The unique potential of radiation thermometry for temperature measurements ranging from non-contact temperature control of numerous industrial production processes to climate research by remote sensing of the Earth requires the accurate knowledge of the radiation properties of a material, i.e. its spectral emissivity. A variety of techniques for the emissivity measurements are available but in many cases they do not meet the wide range of requirements posed by modern science and industry and do not provide sufficiently accurate results with reliable uncertainty values. Therefore, a measurement setup and a validated method for highly accurate directional spectral emissivity, total directional emissivity and total hemispherical emissivity measurements under vacuum from 4 μm to 100 μm and from -40 °C to 600 °C with very low and validated uncertainties was developed and is presented in this work. The measurements, using the newly developed Reduced Background Calibration Facility (RBCF) of PTB, are traceable to the International Temperature Scale of 1990 (ITS-90).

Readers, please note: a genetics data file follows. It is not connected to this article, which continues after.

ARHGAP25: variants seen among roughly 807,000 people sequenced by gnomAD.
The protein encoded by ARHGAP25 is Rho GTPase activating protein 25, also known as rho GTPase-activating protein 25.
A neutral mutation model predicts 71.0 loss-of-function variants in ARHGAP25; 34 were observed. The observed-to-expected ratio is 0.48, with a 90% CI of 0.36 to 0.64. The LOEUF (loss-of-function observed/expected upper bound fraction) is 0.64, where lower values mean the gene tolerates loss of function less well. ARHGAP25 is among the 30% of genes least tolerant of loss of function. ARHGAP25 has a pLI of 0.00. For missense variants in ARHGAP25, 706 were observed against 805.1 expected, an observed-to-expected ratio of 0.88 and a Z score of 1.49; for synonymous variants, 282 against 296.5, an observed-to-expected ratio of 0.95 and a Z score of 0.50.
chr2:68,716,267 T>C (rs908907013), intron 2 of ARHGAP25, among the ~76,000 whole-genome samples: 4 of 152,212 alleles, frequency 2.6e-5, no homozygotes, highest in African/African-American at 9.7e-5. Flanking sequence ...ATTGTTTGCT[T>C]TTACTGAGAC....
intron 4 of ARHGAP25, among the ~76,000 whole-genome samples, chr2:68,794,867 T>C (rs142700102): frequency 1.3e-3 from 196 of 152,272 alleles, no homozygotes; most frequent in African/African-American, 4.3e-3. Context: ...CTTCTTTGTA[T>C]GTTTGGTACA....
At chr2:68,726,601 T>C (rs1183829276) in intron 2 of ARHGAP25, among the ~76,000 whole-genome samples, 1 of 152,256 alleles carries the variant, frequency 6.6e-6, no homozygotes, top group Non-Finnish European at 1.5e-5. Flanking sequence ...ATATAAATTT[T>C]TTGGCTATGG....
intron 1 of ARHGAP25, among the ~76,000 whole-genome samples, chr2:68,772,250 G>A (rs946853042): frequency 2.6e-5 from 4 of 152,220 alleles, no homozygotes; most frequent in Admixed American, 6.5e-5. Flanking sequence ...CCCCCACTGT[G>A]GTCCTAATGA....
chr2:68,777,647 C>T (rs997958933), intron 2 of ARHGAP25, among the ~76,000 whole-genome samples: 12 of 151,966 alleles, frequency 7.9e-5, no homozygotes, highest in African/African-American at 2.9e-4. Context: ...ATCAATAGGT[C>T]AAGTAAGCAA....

The development and design of a dedicated vacuum sample holder for emissivity measurements, the highly accurate metrological characterization of the vacuum reference blackbodies and the developed method for calculation, which considers the complete radiation budget, are described in detail and allow the performance of very demanding measurement tasks. The setup has been successfully applied in the European Metrology Research Program (EMRP) within the projects MetEOC and MetEOC2, providing the traceability of atmospheric measurements with the instrument GLORIA with the required low uncertainty of less than 100 mK. The thermal emissivity of absorber coatings for solar thermal electricity generation could be measured at the RBCF at the operating temperature of 600 °C with a standard uncertainty of less than 0.005. These results can be used to systematically improve the efficiency of high temperature solar thermal absorbers in the future. Other examples of emissivity measurements for various materials presented in this work illustrate the broad capability of the developed method and facility.